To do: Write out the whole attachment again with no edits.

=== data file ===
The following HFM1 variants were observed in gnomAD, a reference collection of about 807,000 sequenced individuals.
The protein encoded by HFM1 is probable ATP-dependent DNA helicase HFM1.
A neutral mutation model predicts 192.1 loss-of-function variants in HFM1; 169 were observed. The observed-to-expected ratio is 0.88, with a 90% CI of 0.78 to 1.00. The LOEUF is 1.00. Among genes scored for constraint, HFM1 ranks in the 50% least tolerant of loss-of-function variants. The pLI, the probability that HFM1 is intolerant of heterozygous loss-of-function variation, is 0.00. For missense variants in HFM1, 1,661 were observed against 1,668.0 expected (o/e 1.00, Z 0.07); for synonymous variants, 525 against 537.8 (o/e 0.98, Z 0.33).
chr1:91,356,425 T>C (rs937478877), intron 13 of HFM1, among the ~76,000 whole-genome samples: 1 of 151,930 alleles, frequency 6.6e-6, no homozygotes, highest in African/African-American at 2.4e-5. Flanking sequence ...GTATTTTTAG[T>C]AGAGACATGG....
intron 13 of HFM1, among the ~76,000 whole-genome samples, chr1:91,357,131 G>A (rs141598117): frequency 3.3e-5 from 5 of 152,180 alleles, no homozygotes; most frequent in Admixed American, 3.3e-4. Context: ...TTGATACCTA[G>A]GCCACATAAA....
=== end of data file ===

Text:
The following HFM1 variants were observed in gnomAD, a reference collection of about 807,000 sequenced individuals.
The protein encoded by HFM1 is probable ATP-dependent DNA helicase HFM1.
A neutral mutation model predicts 192.1 loss-of-function variants in HFM1; 169 were observed. The observed-to-expected ratio is 0.88, with a 90% CI of 0.78 to 1.00. The LOEUF is 1.00. Among genes scored for constraint, HFM1 ranks in the 50% least tolerant of loss-of-function variants. The pLI, the probability that HFM1 is intolerant of heterozygous loss-of-function variation, is 0.00. For missense variants in HFM1, 1,661 were observed against 1,668.0 expected (o/e 1.00, Z 0.07); for synonymous variants, 525 against 537.8 (o/e 0.98, Z 0.33).
chr1:91,356,425 T>C (rs937478877), intron 13 of HFM1, among the ~76,000 whole-genome samples: 1 of 151,930 alleles, frequency 6.6e-6, no homozygotes, highest in African/African-American at 2.4e-5. Flanking sequence ...GTATTTTTAG[T>C]AGAGACATGG....
intron 13 of HFM1, among the ~76,000 whole-genome samples, chr1:91,357,131 G>A (rs141598117): frequency 3.3e-5 from 5 of 152,180 alleles, no homozygotes; most frequent in Admixed American, 3.3e-4. Context: ...TTGATACCTA[G>A]GCCACATAAA....